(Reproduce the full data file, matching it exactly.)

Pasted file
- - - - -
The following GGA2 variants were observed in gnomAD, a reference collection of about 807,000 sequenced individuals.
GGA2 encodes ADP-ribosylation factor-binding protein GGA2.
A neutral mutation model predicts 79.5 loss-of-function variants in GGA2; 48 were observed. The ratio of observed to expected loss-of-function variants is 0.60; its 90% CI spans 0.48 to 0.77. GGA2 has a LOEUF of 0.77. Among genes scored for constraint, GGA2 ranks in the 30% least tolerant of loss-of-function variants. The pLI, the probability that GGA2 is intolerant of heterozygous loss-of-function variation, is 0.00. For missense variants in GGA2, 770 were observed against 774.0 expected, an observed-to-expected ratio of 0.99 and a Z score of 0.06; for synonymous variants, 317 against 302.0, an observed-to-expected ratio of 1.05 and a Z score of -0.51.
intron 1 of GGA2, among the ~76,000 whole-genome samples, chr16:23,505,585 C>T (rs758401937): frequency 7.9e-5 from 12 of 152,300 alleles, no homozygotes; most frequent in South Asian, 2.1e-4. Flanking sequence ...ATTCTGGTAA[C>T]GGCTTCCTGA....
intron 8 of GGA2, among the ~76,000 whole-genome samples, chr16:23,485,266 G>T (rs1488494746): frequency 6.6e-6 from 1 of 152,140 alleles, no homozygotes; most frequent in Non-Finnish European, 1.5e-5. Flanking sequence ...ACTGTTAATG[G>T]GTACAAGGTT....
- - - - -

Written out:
The following GGA2 variants were observed in gnomAD, a reference collection of about 807,000 sequenced individuals.
GGA2 encodes ADP-ribosylation factor-binding protein GGA2.
A neutral mutation model predicts 79.5 loss-of-function variants in GGA2; 48 were observed. The ratio of observed to expected loss-of-function variants is 0.60; its 90% CI spans 0.48 to 0.77. GGA2 has a LOEUF of 0.77. Among genes scored for constraint, GGA2 ranks in the 30% least tolerant of loss-of-function variants. The pLI, the probability that GGA2 is intolerant of heterozygous loss-of-function variation, is 0.00. For missense variants in GGA2, 770 were observed against 774.0 expected, an observed-to-expected ratio of 0.99 and a Z score of 0.06; for synonymous variants, 317 against 302.0, an observed-to-expected ratio of 1.05 and a Z score of -0.51.
intron 1 of GGA2, among the ~76,000 whole-genome samples, chr16:23,505,585 C>T (rs758401937): frequency 7.9e-5 from 12 of 152,300 alleles, no homozygotes; most frequent in South Asian, 2.1e-4. Flanking sequence ...ATTCTGGTAA[C>T]GGCTTCCTGA....
intron 8 of GGA2, among the ~76,000 whole-genome samples, chr16:23,485,266 G>T (rs1488494746): frequency 6.6e-6 from 1 of 152,140 alleles, no homozygotes; most frequent in Non-Finnish European, 1.5e-5. Flanking sequence ...ACTGTTAATG[G>T]GTACAAGGTT....